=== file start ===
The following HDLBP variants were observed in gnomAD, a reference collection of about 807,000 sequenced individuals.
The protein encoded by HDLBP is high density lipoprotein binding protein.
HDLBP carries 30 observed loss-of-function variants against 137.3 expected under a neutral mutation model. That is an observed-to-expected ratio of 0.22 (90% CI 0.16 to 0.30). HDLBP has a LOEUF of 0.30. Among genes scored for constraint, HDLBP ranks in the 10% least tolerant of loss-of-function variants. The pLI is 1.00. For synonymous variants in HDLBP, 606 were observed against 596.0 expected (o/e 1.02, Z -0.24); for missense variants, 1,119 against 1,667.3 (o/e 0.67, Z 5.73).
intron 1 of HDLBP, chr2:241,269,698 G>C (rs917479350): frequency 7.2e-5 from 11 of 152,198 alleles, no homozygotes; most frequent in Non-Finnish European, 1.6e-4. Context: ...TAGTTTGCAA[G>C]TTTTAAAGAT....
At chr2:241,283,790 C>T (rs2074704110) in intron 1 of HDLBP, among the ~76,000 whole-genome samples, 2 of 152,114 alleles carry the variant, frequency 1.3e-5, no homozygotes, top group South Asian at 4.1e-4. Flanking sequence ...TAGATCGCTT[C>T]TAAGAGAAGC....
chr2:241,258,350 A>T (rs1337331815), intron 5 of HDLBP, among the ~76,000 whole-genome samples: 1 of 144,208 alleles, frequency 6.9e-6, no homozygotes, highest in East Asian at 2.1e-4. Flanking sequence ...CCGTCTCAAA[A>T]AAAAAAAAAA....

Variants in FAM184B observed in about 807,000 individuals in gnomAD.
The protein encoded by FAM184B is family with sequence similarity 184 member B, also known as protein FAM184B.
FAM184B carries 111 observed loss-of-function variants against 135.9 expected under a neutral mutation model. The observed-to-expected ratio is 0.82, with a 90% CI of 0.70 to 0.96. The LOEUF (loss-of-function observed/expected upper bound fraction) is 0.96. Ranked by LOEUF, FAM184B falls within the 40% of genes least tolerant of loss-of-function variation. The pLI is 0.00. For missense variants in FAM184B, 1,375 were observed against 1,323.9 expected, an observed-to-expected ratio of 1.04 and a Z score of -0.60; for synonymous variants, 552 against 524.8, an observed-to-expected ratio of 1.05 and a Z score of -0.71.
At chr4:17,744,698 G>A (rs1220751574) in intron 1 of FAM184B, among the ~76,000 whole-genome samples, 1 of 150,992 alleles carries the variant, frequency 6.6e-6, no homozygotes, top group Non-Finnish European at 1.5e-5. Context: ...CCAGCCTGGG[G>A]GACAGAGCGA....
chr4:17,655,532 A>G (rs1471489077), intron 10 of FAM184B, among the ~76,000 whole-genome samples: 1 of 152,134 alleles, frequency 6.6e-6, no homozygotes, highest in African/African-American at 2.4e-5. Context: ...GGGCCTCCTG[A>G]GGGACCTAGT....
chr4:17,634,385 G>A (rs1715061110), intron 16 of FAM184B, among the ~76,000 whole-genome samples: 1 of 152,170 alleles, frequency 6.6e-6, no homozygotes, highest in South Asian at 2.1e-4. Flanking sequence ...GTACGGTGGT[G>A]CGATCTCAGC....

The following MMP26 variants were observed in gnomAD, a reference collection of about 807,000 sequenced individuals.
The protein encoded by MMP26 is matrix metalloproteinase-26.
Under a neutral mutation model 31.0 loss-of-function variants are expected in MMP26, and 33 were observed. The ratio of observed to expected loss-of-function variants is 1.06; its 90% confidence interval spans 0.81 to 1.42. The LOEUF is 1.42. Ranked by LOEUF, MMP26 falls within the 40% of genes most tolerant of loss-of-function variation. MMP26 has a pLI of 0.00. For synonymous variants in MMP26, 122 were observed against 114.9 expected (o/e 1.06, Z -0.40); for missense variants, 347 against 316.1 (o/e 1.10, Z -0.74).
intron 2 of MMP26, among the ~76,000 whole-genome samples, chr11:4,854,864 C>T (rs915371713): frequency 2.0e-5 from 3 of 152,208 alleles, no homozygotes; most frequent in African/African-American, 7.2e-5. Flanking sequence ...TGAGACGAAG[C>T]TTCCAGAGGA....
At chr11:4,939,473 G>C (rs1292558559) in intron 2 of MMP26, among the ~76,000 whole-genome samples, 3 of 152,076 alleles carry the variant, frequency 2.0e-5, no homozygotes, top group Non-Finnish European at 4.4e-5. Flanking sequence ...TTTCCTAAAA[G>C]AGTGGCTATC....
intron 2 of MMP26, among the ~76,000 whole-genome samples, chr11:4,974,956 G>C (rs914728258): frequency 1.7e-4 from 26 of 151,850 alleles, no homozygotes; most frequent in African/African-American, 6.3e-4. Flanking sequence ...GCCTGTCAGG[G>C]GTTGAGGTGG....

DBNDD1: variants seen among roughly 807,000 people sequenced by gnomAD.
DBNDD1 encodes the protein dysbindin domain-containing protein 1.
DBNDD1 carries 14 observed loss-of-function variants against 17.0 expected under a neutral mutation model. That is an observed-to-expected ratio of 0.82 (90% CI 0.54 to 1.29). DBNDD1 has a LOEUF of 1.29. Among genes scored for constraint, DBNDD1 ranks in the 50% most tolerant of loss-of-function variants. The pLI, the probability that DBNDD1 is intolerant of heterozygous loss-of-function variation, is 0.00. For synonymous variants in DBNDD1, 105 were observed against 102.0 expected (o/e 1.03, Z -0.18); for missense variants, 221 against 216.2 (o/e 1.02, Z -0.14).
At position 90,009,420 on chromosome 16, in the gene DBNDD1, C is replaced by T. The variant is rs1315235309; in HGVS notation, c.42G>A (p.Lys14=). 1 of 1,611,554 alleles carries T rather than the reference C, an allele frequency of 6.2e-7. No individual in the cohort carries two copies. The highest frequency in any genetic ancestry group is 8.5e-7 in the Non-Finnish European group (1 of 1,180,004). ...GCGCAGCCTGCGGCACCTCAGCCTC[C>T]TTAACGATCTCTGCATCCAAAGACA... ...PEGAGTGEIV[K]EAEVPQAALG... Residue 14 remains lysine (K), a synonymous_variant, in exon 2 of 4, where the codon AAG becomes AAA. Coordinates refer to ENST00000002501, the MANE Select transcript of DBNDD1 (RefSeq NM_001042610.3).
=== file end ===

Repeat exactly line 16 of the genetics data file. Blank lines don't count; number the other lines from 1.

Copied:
intron 2 of MMP26, among the ~76,000 whole-genome samples, chr11:4,854,864 C>T (rs915371713): frequency 2.0e-5 from 3 of 152,208 alleles, no homozygotes; most frequent in African/African-American, 7.2e-5. Flanking sequence ...TGAGACGAAG[C>T]TTCCAGAGGA....